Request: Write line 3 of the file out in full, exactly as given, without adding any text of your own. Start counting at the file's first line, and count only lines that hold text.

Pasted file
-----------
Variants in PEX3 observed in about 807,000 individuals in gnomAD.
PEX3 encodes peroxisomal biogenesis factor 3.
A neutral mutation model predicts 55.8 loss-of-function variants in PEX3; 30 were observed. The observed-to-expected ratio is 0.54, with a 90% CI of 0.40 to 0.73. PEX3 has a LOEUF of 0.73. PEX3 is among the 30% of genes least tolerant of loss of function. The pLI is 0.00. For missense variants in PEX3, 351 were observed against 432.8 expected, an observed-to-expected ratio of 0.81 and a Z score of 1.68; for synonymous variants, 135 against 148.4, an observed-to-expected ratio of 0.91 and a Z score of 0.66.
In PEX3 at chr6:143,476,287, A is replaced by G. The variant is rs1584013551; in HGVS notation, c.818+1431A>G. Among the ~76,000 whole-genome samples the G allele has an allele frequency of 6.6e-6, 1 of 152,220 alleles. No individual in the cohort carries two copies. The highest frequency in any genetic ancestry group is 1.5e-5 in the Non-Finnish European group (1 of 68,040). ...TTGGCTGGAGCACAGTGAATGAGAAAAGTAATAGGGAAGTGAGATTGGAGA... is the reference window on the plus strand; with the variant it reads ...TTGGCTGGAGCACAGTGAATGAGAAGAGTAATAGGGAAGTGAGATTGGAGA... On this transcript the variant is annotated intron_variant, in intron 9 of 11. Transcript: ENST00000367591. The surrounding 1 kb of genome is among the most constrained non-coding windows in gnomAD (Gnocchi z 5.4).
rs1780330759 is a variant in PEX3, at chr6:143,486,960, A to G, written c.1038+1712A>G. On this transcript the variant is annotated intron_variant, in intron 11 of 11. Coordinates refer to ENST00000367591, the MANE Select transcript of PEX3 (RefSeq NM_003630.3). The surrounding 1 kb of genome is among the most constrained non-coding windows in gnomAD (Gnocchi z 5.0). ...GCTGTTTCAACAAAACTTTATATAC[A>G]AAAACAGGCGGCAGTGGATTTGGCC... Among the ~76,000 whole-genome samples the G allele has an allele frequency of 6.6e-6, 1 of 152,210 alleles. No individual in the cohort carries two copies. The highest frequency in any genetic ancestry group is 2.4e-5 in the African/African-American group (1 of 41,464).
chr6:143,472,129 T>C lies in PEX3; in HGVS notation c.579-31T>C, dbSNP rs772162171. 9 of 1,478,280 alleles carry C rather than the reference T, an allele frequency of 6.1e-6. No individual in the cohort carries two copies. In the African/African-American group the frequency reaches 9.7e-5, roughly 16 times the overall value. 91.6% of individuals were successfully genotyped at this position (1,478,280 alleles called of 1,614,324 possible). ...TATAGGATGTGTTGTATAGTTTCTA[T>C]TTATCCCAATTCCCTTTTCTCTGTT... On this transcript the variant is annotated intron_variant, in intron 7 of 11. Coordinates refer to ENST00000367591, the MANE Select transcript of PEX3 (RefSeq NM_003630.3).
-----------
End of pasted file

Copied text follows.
A neutral mutation model predicts 55.8 loss-of-function variants in PEX3; 30 were observed. The observed-to-expected ratio is 0.54, with a 90% CI of 0.40 to 0.73. PEX3 has a LOEUF of 0.73. PEX3 is among the 30% of genes least tolerant of loss of function. The pLI is 0.00. For missense variants in PEX3, 351 were observed against 432.8 expected, an observed-to-expected ratio of 0.81 and a Z score of 1.68; for synonymous variants, 135 against 148.4, an observed-to-expected ratio of 0.91 and a Z score of 0.66.